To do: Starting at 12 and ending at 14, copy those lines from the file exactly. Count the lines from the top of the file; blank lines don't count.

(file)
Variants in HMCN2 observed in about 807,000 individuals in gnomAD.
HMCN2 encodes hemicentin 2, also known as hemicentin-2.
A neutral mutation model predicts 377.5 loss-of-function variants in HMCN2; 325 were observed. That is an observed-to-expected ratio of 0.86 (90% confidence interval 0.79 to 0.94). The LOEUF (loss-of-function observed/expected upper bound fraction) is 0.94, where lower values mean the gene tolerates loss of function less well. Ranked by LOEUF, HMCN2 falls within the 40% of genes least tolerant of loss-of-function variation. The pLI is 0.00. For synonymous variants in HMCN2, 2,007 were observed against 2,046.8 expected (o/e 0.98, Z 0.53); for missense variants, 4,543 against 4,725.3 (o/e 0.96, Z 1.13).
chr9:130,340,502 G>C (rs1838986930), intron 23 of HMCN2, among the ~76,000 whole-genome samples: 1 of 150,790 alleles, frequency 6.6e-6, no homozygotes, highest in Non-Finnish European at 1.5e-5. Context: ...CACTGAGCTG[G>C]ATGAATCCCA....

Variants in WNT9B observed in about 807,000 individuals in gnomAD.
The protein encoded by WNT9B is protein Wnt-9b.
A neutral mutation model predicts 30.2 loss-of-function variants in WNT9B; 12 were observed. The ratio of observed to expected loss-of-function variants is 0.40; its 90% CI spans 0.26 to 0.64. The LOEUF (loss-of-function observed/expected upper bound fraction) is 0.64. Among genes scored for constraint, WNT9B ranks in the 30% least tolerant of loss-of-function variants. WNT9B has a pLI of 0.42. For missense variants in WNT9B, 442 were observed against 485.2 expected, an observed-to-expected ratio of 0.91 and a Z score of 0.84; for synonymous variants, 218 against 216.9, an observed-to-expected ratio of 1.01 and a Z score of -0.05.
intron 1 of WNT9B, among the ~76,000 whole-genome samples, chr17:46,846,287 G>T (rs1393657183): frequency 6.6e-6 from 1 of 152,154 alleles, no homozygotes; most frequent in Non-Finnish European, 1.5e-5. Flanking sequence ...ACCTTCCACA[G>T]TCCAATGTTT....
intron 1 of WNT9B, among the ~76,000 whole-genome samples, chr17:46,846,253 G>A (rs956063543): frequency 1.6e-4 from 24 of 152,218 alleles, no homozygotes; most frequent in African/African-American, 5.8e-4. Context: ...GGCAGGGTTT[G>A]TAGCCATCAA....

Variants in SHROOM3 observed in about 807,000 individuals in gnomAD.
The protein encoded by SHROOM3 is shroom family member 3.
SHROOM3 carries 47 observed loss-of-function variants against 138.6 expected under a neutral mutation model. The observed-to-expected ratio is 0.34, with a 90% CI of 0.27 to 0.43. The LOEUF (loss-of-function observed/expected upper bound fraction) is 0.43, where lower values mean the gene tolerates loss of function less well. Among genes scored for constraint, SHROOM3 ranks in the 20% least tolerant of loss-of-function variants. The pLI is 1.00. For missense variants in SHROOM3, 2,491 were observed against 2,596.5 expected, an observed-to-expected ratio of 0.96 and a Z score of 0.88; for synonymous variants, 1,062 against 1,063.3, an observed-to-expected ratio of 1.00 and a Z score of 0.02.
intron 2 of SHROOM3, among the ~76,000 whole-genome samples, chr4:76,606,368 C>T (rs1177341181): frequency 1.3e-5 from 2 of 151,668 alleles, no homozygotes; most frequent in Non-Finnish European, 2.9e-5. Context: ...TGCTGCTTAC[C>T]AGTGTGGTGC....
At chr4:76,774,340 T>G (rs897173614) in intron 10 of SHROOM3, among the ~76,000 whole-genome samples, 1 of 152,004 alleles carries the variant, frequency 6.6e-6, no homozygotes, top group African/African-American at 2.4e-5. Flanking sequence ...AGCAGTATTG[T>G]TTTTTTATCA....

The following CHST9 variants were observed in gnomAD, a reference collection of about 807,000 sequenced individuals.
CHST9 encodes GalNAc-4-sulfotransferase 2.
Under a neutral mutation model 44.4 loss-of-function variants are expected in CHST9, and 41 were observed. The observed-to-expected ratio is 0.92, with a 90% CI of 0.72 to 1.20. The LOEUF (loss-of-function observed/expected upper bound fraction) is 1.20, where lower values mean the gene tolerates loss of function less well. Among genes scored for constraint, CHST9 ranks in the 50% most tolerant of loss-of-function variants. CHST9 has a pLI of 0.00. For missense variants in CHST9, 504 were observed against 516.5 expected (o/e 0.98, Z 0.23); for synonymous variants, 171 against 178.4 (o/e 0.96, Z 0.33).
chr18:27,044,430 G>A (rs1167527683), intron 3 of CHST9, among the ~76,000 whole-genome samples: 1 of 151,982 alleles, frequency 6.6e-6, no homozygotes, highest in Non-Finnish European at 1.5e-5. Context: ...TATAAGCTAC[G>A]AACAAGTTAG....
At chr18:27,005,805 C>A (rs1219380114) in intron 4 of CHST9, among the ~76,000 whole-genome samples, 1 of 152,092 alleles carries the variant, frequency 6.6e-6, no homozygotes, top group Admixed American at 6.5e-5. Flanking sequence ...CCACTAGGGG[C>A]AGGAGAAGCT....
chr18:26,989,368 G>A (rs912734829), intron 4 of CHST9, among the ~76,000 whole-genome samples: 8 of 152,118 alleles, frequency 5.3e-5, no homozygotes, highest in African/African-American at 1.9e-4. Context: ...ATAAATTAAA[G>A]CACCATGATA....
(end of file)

SHROOM3 carries 47 observed loss-of-function variants against 138.6 expected under a neutral mutation model. The observed-to-expected ratio is 0.34, with a 90% CI of 0.27 to 0.43. The LOEUF (loss-of-function observed/expected upper bound fraction) is 0.43, where lower values mean the gene tolerates loss of function less well. Among genes scored for constraint, SHROOM3 ranks in the 20% least tolerant of loss-of-function variants. The pLI is 1.00. For missense variants in SHROOM3, 2,491 were observed against 2,596.5 expected, an observed-to-expected ratio of 0.96 and a Z score of 0.88; for synonymous variants, 1,062 against 1,063.3, an observed-to-expected ratio of 1.00 and a Z score of 0.02.
intron 2 of SHROOM3, among the ~76,000 whole-genome samples, chr4:76,606,368 C>T (rs1177341181): frequency 1.3e-5 from 2 of 151,668 alleles, no homozygotes; most frequent in Non-Finnish European, 2.9e-5. Context: ...TGCTGCTTAC[C>T]AGTGTGGTGC....
At chr4:76,774,340 T>G (rs897173614) in intron 10 of SHROOM3, among the ~76,000 whole-genome samples, 1 of 152,004 alleles carries the variant, frequency 6.6e-6, no homozygotes, top group African/African-American at 2.4e-5. Flanking sequence ...AGCAGTATTG[T>G]TTTTTTATCA....